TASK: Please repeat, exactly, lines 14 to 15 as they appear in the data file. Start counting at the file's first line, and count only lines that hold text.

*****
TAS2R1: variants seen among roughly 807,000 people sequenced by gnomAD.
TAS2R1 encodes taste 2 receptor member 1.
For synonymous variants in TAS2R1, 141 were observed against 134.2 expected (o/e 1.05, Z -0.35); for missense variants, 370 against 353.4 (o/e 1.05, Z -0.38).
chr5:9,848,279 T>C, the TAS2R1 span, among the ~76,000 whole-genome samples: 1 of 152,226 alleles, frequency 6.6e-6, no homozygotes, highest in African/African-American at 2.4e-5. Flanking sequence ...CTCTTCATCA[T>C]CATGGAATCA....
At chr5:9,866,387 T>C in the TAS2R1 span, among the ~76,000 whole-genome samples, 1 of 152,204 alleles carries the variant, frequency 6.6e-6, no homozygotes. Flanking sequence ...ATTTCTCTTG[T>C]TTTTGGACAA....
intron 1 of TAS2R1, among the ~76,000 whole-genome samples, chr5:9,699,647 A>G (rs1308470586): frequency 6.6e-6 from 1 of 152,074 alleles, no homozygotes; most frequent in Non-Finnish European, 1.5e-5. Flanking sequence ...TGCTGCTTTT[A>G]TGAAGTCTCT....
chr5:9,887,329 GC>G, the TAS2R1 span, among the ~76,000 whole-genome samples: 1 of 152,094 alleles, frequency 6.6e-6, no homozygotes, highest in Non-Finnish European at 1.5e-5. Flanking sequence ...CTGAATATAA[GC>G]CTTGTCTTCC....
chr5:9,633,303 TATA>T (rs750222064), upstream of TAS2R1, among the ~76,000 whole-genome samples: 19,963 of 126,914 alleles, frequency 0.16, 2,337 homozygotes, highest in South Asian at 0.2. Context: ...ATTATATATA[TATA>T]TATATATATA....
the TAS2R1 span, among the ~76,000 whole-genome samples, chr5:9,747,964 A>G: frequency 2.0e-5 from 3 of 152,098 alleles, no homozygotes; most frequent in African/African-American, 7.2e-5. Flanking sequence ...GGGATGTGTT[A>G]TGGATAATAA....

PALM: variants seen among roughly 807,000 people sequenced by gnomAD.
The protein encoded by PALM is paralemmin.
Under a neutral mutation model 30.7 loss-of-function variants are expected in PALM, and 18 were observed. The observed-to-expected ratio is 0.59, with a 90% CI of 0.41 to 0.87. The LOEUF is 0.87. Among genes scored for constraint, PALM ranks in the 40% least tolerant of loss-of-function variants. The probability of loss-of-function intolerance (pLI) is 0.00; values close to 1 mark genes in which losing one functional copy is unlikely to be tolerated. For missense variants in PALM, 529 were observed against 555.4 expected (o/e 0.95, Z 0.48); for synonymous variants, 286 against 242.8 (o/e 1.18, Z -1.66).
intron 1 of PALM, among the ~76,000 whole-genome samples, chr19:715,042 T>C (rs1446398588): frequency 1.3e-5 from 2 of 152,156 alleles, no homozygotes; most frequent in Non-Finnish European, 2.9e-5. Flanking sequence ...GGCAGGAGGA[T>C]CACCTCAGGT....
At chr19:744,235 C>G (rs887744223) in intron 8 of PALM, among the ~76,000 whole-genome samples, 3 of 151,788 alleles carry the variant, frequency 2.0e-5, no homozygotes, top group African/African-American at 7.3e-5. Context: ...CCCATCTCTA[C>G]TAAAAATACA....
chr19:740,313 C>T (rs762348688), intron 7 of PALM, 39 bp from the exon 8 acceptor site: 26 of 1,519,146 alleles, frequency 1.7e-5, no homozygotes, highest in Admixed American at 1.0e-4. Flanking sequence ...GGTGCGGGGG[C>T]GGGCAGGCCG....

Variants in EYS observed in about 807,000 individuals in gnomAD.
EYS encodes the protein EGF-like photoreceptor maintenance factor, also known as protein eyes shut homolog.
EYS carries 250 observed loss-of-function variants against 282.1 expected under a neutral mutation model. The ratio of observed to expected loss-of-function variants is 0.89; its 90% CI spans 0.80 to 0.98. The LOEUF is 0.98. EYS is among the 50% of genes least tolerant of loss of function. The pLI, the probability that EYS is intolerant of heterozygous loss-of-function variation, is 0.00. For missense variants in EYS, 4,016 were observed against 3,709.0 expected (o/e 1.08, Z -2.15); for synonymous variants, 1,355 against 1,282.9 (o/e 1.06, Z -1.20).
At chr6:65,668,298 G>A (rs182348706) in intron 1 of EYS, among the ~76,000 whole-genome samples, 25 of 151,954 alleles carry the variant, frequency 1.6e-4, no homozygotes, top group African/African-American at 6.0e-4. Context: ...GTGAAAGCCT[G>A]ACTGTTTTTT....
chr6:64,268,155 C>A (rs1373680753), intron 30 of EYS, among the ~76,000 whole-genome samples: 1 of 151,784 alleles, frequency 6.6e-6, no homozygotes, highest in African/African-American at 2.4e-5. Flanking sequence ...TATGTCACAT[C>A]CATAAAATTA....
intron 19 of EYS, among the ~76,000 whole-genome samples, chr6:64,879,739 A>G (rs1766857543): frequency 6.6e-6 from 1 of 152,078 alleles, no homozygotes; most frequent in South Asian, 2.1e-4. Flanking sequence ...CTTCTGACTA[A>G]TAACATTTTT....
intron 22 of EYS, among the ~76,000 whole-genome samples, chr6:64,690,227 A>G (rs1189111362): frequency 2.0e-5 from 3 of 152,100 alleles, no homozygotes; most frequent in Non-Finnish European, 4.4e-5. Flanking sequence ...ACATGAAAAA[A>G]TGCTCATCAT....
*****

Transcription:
At chr19:744,235 C>G (rs887744223) in intron 8 of PALM, among the ~76,000 whole-genome samples, 3 of 151,788 alleles carry the variant, frequency 2.0e-5, no homozygotes, top group African/African-American at 7.3e-5. Context: ...CCCATCTCTA[C>G]TAAAAATACA....
chr19:740,313 C>T (rs762348688), intron 7 of PALM, 39 bp from the exon 8 acceptor site: 26 of 1,519,146 alleles, frequency 1.7e-5, no homozygotes, highest in Admixed American at 1.0e-4. Flanking sequence ...GGTGCGGGGG[C>T]GGGCAGGCCG....